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Medicare drug benefit to cost less, official says

August 9, 2005

By Maggie Fox, Health and Science Correspondent

WASHINGTON (Reuters) – Medicare’s controversial new drug
benefit for seniors may end up costing less than projected
because bids from insurers and others who will provide it have
been very competitive, federal officials said on Tuesday.

Some seniors who sign up for the program may not even pay
any premiums at all, and it will cost both beneficiaries and
the government less than expected, Center for Medicare and
Medicaid Services Administrator Dr. Mark McClellan said.

“Based on the actual bids that we have received, the
benefit cost per person is going to be 14 percent lower,”
McClellan told reporters.

McClellan estimated that the average monthly premium for
the prescription drug plan, which will be rolled out in October
and become active in 2006, will be $32.20.

“That is $5 less per month than we estimated earlier this
year,” he said.

McClellan declined to give a total cost estimate for the
plan but said the bids he had seen so far made it possible to
estimate a per-person cost.

The Medicare law has been controversial with both Democrats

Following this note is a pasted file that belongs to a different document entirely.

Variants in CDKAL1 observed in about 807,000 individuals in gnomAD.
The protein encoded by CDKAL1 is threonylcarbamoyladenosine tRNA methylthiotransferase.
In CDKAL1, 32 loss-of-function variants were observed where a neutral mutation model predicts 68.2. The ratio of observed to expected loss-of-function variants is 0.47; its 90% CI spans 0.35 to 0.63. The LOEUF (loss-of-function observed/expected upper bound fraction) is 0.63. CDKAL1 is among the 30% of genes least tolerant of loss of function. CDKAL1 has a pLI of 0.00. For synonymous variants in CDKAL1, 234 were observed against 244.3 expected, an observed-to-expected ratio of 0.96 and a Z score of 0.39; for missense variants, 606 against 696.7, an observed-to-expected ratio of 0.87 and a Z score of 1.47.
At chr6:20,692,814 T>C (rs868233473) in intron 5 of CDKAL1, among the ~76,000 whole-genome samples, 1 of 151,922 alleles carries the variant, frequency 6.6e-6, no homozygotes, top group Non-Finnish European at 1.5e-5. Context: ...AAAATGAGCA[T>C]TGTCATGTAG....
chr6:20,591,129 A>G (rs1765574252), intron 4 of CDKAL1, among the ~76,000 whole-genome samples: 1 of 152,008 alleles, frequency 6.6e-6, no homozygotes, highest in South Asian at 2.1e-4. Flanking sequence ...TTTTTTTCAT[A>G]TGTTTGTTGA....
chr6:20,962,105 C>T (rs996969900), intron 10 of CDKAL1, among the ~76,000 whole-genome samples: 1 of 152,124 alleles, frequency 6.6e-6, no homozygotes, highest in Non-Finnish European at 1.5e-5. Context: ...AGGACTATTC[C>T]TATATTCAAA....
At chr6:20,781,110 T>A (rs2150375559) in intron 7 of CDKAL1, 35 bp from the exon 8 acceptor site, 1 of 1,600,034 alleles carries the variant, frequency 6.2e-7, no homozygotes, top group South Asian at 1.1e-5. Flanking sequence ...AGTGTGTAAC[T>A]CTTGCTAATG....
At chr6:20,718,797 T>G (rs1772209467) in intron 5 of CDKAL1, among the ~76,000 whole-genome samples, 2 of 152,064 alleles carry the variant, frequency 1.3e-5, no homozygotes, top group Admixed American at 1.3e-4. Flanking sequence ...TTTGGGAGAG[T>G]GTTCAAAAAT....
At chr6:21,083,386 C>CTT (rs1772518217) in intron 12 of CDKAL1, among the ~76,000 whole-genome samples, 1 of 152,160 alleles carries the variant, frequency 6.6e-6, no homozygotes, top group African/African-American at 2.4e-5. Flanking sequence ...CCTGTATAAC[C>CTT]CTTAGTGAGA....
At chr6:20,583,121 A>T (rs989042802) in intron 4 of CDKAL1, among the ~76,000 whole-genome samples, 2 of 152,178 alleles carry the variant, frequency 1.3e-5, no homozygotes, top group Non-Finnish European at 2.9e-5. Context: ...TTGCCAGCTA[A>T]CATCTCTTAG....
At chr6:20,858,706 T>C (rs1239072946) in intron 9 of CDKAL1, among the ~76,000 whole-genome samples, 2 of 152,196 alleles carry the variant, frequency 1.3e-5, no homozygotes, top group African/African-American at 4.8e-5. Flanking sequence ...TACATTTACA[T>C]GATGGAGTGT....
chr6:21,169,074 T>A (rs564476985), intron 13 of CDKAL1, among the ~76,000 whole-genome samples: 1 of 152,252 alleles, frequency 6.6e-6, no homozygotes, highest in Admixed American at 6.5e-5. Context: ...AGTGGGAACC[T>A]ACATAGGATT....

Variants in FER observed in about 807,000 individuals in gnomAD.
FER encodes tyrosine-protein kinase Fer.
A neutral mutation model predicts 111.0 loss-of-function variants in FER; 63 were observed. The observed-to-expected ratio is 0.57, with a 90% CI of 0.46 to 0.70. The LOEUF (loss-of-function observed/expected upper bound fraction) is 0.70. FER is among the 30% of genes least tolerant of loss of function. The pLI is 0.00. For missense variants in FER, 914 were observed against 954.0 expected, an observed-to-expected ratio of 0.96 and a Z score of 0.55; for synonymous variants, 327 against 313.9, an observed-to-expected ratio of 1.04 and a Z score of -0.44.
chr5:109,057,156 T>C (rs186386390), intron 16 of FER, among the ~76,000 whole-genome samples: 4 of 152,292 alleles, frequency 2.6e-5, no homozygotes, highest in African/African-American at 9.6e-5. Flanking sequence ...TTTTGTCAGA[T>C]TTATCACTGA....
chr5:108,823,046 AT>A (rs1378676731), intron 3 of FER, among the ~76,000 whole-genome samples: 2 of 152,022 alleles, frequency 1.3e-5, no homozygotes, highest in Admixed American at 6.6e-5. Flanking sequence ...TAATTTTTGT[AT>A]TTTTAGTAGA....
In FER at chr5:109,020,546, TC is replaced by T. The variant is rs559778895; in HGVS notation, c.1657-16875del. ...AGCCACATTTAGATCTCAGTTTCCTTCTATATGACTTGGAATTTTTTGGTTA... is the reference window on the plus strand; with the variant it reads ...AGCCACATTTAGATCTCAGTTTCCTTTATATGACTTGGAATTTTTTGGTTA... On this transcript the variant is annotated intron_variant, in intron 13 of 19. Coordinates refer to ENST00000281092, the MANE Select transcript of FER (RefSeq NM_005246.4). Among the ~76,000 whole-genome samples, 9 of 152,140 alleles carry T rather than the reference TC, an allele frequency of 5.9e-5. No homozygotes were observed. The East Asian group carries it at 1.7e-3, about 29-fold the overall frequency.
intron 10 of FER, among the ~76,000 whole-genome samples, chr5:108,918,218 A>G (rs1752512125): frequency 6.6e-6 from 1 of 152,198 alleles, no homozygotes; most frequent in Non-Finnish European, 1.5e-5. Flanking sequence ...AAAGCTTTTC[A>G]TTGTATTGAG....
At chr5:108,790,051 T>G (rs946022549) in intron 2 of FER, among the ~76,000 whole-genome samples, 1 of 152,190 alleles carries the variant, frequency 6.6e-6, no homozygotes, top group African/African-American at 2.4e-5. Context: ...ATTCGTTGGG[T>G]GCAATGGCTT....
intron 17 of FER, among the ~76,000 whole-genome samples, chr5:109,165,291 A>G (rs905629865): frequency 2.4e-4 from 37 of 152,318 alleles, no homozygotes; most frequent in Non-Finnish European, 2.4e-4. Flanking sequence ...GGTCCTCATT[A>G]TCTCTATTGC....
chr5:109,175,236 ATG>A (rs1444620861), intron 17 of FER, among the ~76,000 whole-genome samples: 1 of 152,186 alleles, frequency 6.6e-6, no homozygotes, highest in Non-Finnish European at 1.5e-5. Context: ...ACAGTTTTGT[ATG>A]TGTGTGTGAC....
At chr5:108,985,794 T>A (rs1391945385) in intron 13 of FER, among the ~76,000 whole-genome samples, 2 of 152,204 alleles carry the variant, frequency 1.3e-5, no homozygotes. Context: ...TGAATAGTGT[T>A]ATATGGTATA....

and Republicans. Many lawmakers were alarmed when projections
released earlier this year put the cost of the new drug benefit
at $724 billion for the 10 years starting in 2006.

That was far higher than the $400 billion the White House
told Congress it would cost for 2004-2013, before the
legislation was passed in 2003.

McClellan declined to detail how many bids had been
received, or from whom. Federal officials have no idea how many
seniors will actually sign up for the plan and they will not
approve bids from the providers until next month.

But it is expected that insurers, some employers and
perhaps pharmacy chains will bid to provide the coverage, under
which they will provide drugs to seniors who sign up for their
plans and Medicare will reimburse them.

In addition, about one-third of Medicare beneficiaries will
qualify for extra help in paying their premiums if their income
is below the level, about $14,000 a year, set by Congress and
if they choose a plan costing at or below the benchmarks set by
region, McClellan said.

“Most will have their full premium paid by Medicare if they
enroll in a plan with the premium below this benchmark level,”
CMS said.

They may also qualify for a zero deductible and no co-pay,
McClellan said.

The Bush administration has been pushing to get older
Americans to sign up for the new prescription drug benefit,
passed as part of Medicare reform.

“We are far enough along to see that robust competition is
translating into lower costs,” McClellan said. He said
greater-than-anticipated use of generic drugs and savings
caused by better management of drugs — avoiding errors and
improper use, for instance — would also save money.

Some critics also say the prescription drug program is too
complex, and thus difficult for many elderly people to manage.

Robert Hayes of the Medicare Rights Center said federal
officials were acting as hucksters and making an already
complicated process even more confusing.

(With additional reporting by Susan Heavey)




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